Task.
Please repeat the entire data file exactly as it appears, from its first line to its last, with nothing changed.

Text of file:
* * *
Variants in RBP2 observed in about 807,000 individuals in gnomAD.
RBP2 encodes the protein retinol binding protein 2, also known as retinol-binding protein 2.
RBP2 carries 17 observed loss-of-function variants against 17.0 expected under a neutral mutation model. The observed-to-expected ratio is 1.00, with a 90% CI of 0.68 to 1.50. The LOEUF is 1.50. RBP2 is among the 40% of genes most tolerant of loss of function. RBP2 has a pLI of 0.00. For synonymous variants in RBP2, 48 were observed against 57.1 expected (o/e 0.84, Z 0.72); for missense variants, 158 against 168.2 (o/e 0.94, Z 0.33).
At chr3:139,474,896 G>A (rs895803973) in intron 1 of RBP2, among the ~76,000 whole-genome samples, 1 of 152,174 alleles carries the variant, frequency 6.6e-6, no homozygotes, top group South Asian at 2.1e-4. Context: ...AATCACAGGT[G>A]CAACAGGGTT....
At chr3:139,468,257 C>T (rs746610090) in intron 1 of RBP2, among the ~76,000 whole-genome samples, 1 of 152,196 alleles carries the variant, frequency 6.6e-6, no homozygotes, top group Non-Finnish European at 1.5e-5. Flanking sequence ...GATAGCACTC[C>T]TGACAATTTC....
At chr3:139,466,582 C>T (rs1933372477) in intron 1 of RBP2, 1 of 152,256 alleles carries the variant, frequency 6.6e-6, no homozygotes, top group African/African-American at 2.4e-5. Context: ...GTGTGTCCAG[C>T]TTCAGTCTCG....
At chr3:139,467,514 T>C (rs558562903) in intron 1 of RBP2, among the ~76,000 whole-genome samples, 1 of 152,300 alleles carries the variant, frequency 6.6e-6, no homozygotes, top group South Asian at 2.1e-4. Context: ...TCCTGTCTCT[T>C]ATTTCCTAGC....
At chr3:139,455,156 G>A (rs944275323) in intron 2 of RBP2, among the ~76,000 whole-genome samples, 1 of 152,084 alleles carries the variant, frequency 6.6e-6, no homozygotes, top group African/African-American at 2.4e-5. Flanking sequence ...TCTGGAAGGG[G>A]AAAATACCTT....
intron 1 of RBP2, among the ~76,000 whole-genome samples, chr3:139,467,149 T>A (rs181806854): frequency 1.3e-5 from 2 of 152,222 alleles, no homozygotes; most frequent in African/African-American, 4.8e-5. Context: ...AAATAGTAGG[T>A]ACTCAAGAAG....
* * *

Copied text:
Variants in RBP2 observed in about 807,000 individuals in gnomAD.
RBP2 encodes the protein retinol binding protein 2, also known as retinol-binding protein 2.
RBP2 carries 17 observed loss-of-function variants against 17.0 expected under a neutral mutation model. The observed-to-expected ratio is 1.00, with a 90% CI of 0.68 to 1.50. The LOEUF is 1.50. RBP2 is among the 40% of genes most tolerant of loss of function. RBP2 has a pLI of 0.00. For synonymous variants in RBP2, 48 were observed against 57.1 expected (o/e 0.84, Z 0.72); for missense variants, 158 against 168.2 (o/e 0.94, Z 0.33).
At chr3:139,474,896 G>A (rs895803973) in intron 1 of RBP2, among the ~76,000 whole-genome samples, 1 of 152,174 alleles carries the variant, frequency 6.6e-6, no homozygotes, top group South Asian at 2.1e-4. Context: ...AATCACAGGT[G>A]CAACAGGGTT....
At chr3:139,468,257 C>T (rs746610090) in intron 1 of RBP2, among the ~76,000 whole-genome samples, 1 of 152,196 alleles carries the variant, frequency 6.6e-6, no homozygotes, top group Non-Finnish European at 1.5e-5. Flanking sequence ...GATAGCACTC[C>T]TGACAATTTC....
At chr3:139,466,582 C>T (rs1933372477) in intron 1 of RBP2, 1 of 152,256 alleles carries the variant, frequency 6.6e-6, no homozygotes, top group African/African-American at 2.4e-5. Context: ...GTGTGTCCAG[C>T]TTCAGTCTCG....
At chr3:139,467,514 T>C (rs558562903) in intron 1 of RBP2, among the ~76,000 whole-genome samples, 1 of 152,300 alleles carries the variant, frequency 6.6e-6, no homozygotes, top group South Asian at 2.1e-4. Context: ...TCCTGTCTCT[T>C]ATTTCCTAGC....
At chr3:139,455,156 G>A (rs944275323) in intron 2 of RBP2, among the ~76,000 whole-genome samples, 1 of 152,084 alleles carries the variant, frequency 6.6e-6, no homozygotes, top group African/African-American at 2.4e-5. Flanking sequence ...TCTGGAAGGG[G>A]AAAATACCTT....
intron 1 of RBP2, among the ~76,000 whole-genome samples, chr3:139,467,149 T>A (rs181806854): frequency 1.3e-5 from 2 of 152,222 alleles, no homozygotes; most frequent in African/African-American, 4.8e-5. Context: ...AAATAGTAGG[T>A]ACTCAAGAAG....